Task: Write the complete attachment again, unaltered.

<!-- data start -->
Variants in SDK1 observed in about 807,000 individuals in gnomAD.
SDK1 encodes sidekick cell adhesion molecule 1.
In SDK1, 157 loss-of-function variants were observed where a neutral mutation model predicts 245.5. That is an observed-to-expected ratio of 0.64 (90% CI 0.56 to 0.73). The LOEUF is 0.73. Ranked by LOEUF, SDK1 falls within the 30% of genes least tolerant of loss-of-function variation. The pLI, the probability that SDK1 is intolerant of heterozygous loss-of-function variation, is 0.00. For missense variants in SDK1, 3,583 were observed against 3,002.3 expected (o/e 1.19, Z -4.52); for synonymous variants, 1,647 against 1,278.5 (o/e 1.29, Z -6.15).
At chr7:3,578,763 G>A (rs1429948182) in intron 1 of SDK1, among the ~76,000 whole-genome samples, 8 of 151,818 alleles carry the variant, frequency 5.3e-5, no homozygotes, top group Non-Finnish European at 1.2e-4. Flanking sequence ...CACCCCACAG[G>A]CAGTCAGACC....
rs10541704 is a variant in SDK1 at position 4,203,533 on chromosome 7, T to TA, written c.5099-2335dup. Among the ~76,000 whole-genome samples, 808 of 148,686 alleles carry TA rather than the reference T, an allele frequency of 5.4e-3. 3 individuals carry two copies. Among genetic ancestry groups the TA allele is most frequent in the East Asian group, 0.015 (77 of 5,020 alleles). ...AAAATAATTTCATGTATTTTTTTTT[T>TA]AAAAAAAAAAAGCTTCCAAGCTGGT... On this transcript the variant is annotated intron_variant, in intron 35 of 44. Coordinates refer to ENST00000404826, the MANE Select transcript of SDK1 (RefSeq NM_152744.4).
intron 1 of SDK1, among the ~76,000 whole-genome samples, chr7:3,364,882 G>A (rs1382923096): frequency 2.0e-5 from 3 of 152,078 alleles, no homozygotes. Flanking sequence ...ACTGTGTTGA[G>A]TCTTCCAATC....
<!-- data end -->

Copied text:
Variants in SDK1 observed in about 807,000 individuals in gnomAD.
SDK1 encodes sidekick cell adhesion molecule 1.
In SDK1, 157 loss-of-function variants were observed where a neutral mutation model predicts 245.5. That is an observed-to-expected ratio of 0.64 (90% CI 0.56 to 0.73). The LOEUF is 0.73. Ranked by LOEUF, SDK1 falls within the 30% of genes least tolerant of loss-of-function variation. The pLI, the probability that SDK1 is intolerant of heterozygous loss-of-function variation, is 0.00. For missense variants in SDK1, 3,583 were observed against 3,002.3 expected (o/e 1.19, Z -4.52); for synonymous variants, 1,647 against 1,278.5 (o/e 1.29, Z -6.15).
At chr7:3,578,763 G>A (rs1429948182) in intron 1 of SDK1, among the ~76,000 whole-genome samples, 8 of 151,818 alleles carry the variant, frequency 5.3e-5, no homozygotes, top group Non-Finnish European at 1.2e-4. Flanking sequence ...CACCCCACAG[G>A]CAGTCAGACC....
rs10541704 is a variant in SDK1 at position 4,203,533 on chromosome 7, T to TA, written c.5099-2335dup. Among the ~76,000 whole-genome samples, 808 of 148,686 alleles carry TA rather than the reference T, an allele frequency of 5.4e-3. 3 individuals carry two copies. Among genetic ancestry groups the TA allele is most frequent in the East Asian group, 0.015 (77 of 5,020 alleles). ...AAAATAATTTCATGTATTTTTTTTT[T>TA]AAAAAAAAAAAGCTTCCAAGCTGGT... On this transcript the variant is annotated intron_variant, in intron 35 of 44. Coordinates refer to ENST00000404826, the MANE Select transcript of SDK1 (RefSeq NM_152744.4).
intron 1 of SDK1, among the ~76,000 whole-genome samples, chr7:3,364,882 G>A (rs1382923096): frequency 2.0e-5 from 3 of 152,078 alleles, no homozygotes. Flanking sequence ...ACTGTGTTGA[G>A]TCTTCCAATC....